In the biggest casting change since the two Darrens on , Australian actor Liam McIntyre (HBO’s ) has taken on the title role in the third season of the Starz original series, Spartacus following the passing of Andy Whitfield after an 18-month battle with non-Hodgkin lymphoma.
“It’s unique and amazingly challenging to have to follow such a wonderful legacy, but I was really lucky. All the cast and Starz were supportive in the sense that they wanted me to make it may own, the best I could,” McIntyre shared in a live chat with the press and fans. “I was a huge fan of the show, before this ever happened. So I don’t know if anything Andy did filtered through into my performance, I kind hope it did. I tried to work with what I loved about Andy’s performance which was his humanity, and that’s what separates this show from any other show.”
McIntyre’s Spartacus is a leaner one, but no less fit than Whitfield’s. In early episodes screened for critics it’s clear that the shift in theme from surviving the gladiatorial ring to fighting for freedom in the fields of Roman-era Italy is going to shine more light the dramatic end of the spectrum, a better fit for McIntyre who can sell both quiet moments and rousing speeches.
After a prequel season filmed in the hopes that Andy Whitfield would make a full recovery, the show, now titled Spartacus: Vengeance, picks up just a few weeks after the climatic events of the first season finale. Spartacus leads his small group of escaped gladiators and house slaves as they fend off bands of mercenaries sent after them while they struggle amongst each other to decide their next move.
Fans worried that the whole season off from primary storylines would leave some threads dangling permanently will not be disappointed. Save for Nick Tarabay’s crafty Ashur, who’s due to return in time, the season premiere touches on all of the returning character’s continuing arcs; some at a dizzying pace that rewards longtime fans but might frustrate newcomers. Especially laden with plot is Manu Bennett’s () Crixus who in a few short scenes has to remind viewers of his search for his lover, a slave girl sold off late in the first season, his tempestuous relationship with his former mistress Lucretia, his simmering rivalry with Spartacus and then find time start a new conflict between his gladiator allies and the former house slaves that he doesn’t count among his equals.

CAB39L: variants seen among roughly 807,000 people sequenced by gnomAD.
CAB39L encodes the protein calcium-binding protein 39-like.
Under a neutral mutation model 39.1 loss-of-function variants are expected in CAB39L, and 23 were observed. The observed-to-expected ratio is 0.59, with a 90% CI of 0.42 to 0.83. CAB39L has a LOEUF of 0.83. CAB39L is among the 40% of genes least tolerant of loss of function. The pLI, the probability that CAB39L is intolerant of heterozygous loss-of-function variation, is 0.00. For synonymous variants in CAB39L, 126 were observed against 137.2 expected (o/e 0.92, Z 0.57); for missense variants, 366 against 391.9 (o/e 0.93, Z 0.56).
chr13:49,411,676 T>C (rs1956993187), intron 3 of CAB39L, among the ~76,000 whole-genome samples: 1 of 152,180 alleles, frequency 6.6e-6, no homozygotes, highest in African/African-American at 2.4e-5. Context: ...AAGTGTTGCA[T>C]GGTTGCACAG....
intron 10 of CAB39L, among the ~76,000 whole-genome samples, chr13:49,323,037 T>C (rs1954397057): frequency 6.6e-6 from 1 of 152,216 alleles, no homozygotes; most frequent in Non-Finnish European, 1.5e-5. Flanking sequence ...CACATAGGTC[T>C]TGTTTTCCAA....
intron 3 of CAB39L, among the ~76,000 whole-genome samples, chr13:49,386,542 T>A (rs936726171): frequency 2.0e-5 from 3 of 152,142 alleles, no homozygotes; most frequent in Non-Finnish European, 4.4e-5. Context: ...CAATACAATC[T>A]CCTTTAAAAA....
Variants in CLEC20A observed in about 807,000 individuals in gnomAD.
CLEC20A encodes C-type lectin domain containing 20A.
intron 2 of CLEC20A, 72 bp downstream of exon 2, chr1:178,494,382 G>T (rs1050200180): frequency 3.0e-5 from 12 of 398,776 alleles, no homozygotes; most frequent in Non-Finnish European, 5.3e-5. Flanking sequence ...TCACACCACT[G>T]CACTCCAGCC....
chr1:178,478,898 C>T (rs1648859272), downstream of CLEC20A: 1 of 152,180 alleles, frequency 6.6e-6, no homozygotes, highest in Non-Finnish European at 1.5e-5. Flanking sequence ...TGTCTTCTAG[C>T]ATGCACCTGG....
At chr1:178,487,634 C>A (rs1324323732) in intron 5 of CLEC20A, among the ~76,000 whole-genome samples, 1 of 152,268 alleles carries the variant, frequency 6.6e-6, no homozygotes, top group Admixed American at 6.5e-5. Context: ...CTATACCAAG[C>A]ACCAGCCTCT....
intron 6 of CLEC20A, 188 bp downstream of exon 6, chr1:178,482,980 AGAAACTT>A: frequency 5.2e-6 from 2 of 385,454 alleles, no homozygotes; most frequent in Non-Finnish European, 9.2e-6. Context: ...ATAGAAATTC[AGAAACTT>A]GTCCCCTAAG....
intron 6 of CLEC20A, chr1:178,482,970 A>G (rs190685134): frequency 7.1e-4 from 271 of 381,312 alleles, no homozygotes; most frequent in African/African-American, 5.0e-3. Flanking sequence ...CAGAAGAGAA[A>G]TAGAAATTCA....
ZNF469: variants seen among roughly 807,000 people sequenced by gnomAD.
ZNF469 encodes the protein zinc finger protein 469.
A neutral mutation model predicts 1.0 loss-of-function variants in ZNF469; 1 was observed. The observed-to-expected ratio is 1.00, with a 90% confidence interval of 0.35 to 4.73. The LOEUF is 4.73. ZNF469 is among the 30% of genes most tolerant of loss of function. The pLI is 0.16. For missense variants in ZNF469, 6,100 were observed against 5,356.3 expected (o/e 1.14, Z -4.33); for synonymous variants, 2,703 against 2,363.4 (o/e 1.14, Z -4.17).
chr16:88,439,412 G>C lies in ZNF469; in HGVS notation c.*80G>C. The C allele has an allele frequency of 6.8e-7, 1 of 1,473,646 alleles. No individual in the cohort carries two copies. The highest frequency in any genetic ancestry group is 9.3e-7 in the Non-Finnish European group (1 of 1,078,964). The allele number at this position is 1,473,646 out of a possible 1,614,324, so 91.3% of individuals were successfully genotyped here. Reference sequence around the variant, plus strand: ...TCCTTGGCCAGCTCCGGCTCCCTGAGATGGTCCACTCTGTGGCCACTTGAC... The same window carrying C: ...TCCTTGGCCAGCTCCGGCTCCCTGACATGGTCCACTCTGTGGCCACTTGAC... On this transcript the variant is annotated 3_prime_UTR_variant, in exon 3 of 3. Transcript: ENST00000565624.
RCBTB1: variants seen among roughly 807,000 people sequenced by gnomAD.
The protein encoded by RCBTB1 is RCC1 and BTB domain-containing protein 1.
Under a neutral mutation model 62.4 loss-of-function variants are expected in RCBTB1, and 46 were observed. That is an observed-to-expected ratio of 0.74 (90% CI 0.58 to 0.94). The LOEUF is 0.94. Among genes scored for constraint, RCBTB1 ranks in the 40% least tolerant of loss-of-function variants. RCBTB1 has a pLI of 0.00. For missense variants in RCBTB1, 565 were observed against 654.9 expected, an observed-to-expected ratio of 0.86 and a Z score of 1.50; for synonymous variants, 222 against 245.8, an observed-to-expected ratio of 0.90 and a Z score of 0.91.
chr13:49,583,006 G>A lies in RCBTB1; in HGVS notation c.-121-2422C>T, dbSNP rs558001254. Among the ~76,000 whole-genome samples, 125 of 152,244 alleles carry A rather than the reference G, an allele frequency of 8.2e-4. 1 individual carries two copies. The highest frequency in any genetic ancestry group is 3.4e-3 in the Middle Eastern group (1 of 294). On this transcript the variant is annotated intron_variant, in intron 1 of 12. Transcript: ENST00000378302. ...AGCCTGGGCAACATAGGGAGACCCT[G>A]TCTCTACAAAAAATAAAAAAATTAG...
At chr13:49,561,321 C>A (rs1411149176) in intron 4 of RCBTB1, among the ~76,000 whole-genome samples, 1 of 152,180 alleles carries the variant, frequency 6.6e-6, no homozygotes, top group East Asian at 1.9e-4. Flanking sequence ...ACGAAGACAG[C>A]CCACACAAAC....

The setting has changed away from the focus of gladiatorial combat, though there is one such fight depicted in the premiere. There is also more of the style intra-personal drama within the “camps” of the Romans and the escaped slaves — in particular the worst kept secret of the new season, the return of Lucy Lawless as Lucretia.
When asked in the press event if she had any hesitation about returning to the role, Lawless replied, “Zero hesitation. Who wouldn’t want to work on such a brilliantly written show? No, it’s an honor to be a part of it. I relished it.”
Those worried that the new season will be all drama will have those fears quickly quashed. There is still plenty of the graphic violence and sexual content on which the show first made its name. The premiere opens with a melee of our foot-bound protagonists battling against mercenaries on horseback that clearly reminds viewers of the series’ fascination with the fast-slow-fast action style of movies such as , and a massacre at a brothel takes place only after the camera finishes registering a veritable catalog of fetishistic behavior.
“At the end of this season there will be a major historical event that Spartacus fans will recognize,” teased Spartacus: Vengeance head writer and executive producer Steven DeKnight, maintaining the idea that despite the patchy history of the real Spartacus, this dramatization of the events of his life retain their footing in fact. DeKnight also projected the series end someday but promised, “At no point will the screen just drop and say Spartacus went on to do ‘this.’ We will finish it, we are in the process of trying to figure that out right now.”